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Water-supply motion disputed

Water-supply motion disputed

A view last fall of the Chapman Lake siphon system, the emergency backup for when the lake falls below intake levels. The SCRD used it to top up the water supply for 10 days in October, 2017. The proposed Chapman Lake expansion project is designed to achieve the same effect with a permanent pipe allowing a lower intake. SCRD photo

A standing-room-only crowd gathered in the board room of the Sunshine Coast Regional District on March 1 for a special infrastructure services committee meeting about the regional water supply, but in the end no new direction was forthcoming from SCRD directors.

Although the meeting was billed as a “discussion”, it quickly became evident that directors were restating their previous positions on the Chapman Lake supply expansion project, which involves digging a trench for a pipe so that the lake can be drawn down further in times of drought. The project, which drew criticism from environmentalists, was approved in 2016 but is awaiting a permit from BC Parks.

The meeting started with a presentation on water by senior SCRD staff, including the general manager of infrastructure services, Remko Rosenboom, who introduced the expansion project. (Rosenboom is a recent arrival at the SCRD, replacing Michael Day who held the position from June to November of 2017. No explanation for Day’s departure has been offered.)

The presentation included photos of a siphon system deployed to pump water over the dam into the creek when the lake dropped to critical levels in October 2017.  Area F Director Ian Winn expressed his concern, stating: “From the pictures that I saw… that siphon system is a first-class solution for a third world country.”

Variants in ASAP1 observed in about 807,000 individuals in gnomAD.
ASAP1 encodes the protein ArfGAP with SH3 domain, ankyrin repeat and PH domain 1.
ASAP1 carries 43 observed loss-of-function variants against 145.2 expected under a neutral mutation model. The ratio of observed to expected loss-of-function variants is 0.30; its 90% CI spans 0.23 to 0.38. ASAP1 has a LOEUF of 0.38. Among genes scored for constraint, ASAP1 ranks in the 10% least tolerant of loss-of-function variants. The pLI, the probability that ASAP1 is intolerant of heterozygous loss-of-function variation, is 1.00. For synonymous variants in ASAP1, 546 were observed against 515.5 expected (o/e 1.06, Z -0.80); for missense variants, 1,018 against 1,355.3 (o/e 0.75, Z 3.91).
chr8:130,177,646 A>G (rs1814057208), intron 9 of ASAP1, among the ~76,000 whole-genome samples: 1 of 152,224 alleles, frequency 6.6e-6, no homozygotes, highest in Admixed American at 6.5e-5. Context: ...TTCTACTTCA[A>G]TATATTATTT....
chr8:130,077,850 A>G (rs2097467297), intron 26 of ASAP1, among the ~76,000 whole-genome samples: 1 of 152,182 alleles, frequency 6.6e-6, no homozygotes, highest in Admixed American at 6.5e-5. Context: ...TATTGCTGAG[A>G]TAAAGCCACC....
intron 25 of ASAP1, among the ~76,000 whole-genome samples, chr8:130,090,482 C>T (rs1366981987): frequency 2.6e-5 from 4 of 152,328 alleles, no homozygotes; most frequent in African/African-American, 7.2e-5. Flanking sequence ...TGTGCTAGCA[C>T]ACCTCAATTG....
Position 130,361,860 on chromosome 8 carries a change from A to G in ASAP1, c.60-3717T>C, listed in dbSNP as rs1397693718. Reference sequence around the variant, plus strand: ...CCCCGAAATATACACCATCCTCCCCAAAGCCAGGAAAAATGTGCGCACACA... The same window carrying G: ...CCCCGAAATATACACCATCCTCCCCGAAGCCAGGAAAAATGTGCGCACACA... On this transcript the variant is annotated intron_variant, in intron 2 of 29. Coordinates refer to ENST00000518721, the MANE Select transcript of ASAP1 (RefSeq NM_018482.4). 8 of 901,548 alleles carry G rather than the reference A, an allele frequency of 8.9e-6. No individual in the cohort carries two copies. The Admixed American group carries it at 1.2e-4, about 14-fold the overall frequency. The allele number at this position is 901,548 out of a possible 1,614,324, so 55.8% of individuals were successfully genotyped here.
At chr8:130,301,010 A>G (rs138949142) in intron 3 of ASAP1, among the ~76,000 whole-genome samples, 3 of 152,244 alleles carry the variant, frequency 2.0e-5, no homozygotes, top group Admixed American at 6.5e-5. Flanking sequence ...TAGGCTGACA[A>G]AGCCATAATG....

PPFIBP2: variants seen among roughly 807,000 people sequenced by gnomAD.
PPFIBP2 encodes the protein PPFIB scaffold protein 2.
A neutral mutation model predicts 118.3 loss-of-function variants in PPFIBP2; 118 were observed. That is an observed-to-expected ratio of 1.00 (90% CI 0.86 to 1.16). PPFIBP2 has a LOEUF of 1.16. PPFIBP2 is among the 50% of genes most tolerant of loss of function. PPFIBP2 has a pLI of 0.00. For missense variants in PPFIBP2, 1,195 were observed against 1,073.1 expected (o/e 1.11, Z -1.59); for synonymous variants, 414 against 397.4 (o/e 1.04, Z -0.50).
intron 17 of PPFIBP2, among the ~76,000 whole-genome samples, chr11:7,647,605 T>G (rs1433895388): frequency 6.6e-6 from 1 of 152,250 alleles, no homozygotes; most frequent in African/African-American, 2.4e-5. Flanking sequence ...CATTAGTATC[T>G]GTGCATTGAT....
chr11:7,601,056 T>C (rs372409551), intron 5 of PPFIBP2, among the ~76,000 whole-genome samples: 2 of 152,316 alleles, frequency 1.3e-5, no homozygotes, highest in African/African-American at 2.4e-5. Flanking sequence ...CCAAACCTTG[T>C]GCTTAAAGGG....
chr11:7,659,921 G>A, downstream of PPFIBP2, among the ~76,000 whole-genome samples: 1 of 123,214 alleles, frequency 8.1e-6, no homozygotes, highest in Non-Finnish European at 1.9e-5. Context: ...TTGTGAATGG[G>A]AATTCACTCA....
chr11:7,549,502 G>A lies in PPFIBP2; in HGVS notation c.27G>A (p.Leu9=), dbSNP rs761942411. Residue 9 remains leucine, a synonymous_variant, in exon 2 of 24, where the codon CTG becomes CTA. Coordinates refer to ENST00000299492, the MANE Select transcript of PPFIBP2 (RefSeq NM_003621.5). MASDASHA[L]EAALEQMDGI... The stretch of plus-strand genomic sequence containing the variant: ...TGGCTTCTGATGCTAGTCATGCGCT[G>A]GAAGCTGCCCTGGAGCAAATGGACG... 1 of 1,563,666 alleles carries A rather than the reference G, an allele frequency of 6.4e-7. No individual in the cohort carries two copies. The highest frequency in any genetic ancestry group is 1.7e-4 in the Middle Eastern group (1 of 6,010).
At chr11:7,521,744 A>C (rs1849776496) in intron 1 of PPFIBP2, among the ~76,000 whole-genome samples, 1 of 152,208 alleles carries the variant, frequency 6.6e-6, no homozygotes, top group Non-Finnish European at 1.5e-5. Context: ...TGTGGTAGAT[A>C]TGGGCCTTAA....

“It’s only been tested to about one metre, nowhere near the full capacity that we would need to draw down the lake in order to successfully get us through a drought,” said Winn. “If that siphon breaks… then within hours down at the bottom of the creek there’s no water for fish and no water for anybody else.”

Area D Director Mark Lebbell commented: “One of my constituents said to me the other day, ‘I thought the park was intended to protect the water FOR us not FROM us’,” adding “This community needs to have options.”

Area B Director and former board chair Garry Nohr stated: “Basically, it is scary to me that we might vote to stop it right here. After all the years that I’ve been involved it would be super frustrating. And then I would want to know before that ever happened, what the alternative is, and…how long it will take.”

Addressing the audience, Nohr said: “You need to know that your water isn’t safe if we say no.”

However, Sechelt Director Bruce Milne said he had heard nothing to change his opposition to the expansion project.

“I think it’s time for a re-assessment,” said Milne. “Five million (dollars) for an emergency system which we have committed to only use when we reach Stage 4 could better be spent by keeping the siphon in our back pocket and moving as quickly as we can on alternative supply and storage.”

Milne made a motion of support for the project, hoping to have it passed at committee so that it would go to a full board meeting for a vote. At committee, each director has one vote, but at the board table, financial decisions are made with a weighted vote in which Sechelt has 6 of the 20 votes.

The motion of support failed unanimously, stalling re-consideration of the project.

A meeting between SCRD directors and the environment minister originally scheduled for March 6 was cancelled. The SCRD will meet with senior staff instead.   Donna McMahon

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